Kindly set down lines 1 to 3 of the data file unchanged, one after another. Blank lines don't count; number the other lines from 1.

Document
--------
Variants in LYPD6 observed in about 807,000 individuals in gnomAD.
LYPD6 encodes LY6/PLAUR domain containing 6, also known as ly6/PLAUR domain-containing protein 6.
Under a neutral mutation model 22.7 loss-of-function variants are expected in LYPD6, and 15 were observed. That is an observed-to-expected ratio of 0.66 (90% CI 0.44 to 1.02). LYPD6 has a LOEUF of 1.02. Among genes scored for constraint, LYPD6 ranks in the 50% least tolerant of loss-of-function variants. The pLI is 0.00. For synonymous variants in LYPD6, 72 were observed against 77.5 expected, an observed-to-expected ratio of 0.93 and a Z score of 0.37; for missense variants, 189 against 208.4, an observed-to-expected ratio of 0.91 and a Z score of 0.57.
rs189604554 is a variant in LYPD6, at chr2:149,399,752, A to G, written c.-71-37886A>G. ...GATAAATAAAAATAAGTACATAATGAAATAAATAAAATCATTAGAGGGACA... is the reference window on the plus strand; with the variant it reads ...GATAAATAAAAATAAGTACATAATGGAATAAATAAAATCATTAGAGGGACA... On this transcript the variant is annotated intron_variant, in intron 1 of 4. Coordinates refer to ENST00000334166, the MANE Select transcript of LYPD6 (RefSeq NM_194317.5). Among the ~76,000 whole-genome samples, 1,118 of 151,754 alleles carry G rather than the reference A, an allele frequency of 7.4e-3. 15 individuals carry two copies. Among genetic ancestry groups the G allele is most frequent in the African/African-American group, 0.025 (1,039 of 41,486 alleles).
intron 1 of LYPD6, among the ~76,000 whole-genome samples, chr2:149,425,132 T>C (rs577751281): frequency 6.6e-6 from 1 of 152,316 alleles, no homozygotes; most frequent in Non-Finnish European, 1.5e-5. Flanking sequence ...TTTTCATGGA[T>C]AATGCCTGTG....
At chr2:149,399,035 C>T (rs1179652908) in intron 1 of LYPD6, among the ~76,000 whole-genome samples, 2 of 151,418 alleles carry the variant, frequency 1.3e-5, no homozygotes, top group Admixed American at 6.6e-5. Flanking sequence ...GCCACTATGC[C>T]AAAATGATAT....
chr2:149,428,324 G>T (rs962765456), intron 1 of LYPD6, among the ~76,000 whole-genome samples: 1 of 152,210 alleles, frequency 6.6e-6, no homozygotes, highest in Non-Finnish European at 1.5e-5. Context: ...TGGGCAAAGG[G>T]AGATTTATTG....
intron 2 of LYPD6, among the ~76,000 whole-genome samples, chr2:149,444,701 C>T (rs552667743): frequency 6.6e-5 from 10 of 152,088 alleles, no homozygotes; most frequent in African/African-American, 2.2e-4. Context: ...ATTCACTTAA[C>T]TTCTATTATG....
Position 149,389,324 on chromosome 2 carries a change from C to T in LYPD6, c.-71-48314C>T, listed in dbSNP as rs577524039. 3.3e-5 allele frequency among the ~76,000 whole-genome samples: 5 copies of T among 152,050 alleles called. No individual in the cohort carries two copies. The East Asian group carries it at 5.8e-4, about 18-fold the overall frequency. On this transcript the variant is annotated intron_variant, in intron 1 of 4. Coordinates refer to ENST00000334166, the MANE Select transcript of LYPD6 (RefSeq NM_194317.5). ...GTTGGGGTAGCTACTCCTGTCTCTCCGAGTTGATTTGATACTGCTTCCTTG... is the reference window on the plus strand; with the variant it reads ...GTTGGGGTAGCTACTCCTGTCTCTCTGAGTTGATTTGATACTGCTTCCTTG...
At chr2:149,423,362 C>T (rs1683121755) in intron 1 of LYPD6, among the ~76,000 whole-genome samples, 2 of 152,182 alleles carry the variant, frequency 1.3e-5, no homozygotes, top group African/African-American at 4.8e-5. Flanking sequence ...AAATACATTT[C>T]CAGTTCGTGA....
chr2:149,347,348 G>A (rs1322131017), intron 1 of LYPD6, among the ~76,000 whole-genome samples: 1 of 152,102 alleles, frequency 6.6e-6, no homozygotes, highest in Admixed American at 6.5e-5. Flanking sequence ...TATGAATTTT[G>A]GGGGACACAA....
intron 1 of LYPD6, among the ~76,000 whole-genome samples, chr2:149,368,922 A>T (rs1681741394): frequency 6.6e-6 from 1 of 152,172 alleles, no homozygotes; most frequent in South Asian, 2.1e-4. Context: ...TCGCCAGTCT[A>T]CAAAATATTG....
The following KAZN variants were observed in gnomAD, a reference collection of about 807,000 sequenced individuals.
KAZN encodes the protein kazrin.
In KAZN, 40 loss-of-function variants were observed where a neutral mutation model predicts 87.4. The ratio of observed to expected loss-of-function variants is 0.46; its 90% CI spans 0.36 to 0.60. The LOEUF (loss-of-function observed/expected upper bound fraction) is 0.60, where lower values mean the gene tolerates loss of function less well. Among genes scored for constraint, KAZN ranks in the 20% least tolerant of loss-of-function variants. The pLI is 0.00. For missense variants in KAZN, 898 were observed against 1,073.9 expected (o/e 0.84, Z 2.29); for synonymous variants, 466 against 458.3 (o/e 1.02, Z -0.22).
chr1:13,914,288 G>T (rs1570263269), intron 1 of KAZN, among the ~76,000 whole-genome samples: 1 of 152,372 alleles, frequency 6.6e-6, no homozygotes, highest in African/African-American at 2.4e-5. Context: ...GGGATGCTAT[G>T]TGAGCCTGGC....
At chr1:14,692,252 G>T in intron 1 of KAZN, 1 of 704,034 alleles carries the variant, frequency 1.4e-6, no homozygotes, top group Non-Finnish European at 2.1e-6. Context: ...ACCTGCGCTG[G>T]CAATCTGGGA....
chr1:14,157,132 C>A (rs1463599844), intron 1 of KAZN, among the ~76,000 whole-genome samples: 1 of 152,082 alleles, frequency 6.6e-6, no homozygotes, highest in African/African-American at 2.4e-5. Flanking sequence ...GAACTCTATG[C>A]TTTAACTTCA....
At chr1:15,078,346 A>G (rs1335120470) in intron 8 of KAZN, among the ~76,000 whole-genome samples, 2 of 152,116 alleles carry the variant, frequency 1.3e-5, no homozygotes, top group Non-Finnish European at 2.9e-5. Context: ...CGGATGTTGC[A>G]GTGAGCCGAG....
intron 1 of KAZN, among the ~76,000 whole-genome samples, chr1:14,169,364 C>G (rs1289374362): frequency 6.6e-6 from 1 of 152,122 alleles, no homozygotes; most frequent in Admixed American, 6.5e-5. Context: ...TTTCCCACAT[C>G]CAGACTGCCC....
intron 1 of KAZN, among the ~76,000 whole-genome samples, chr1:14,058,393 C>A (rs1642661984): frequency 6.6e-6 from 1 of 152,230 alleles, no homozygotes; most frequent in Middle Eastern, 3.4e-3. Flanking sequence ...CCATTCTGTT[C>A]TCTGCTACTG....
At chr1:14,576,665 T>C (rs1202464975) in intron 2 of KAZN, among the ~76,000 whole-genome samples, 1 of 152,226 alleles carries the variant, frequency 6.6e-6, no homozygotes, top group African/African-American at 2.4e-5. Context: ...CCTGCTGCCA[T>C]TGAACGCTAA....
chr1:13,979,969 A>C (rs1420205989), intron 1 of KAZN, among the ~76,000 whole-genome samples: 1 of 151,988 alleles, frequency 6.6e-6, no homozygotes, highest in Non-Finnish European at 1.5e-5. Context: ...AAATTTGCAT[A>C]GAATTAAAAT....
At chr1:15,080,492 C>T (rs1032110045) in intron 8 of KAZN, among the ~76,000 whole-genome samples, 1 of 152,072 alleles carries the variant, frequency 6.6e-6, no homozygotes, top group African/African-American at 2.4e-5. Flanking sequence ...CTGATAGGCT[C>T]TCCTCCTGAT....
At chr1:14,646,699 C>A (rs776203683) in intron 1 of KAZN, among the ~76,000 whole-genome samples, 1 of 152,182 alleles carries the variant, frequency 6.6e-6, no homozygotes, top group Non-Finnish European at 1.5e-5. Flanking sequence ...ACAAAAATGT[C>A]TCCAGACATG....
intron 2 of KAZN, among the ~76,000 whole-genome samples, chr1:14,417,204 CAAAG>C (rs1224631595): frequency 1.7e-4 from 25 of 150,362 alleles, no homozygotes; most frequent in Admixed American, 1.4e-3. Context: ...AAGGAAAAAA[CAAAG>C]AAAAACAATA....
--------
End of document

Variants in LYPD6 observed in about 807,000 individuals in gnomAD.
LYPD6 encodes LY6/PLAUR domain containing 6, also known as ly6/PLAUR domain-containing protein 6.
Under a neutral mutation model 22.7 loss-of-function variants are expected in LYPD6, and 15 were observed. That is an observed-to-expected ratio of 0.66 (90% CI 0.44 to 1.02). LYPD6 has a LOEUF of 1.02. Among genes scored for constraint, LYPD6 ranks in the 50% least tolerant of loss-of-function variants. The pLI is 0.00. For synonymous variants in LYPD6, 72 were observed against 77.5 expected, an observed-to-expected ratio of 0.93 and a Z score of 0.37; for missense variants, 189 against 208.4, an observed-to-expected ratio of 0.91 and a Z score of 0.57.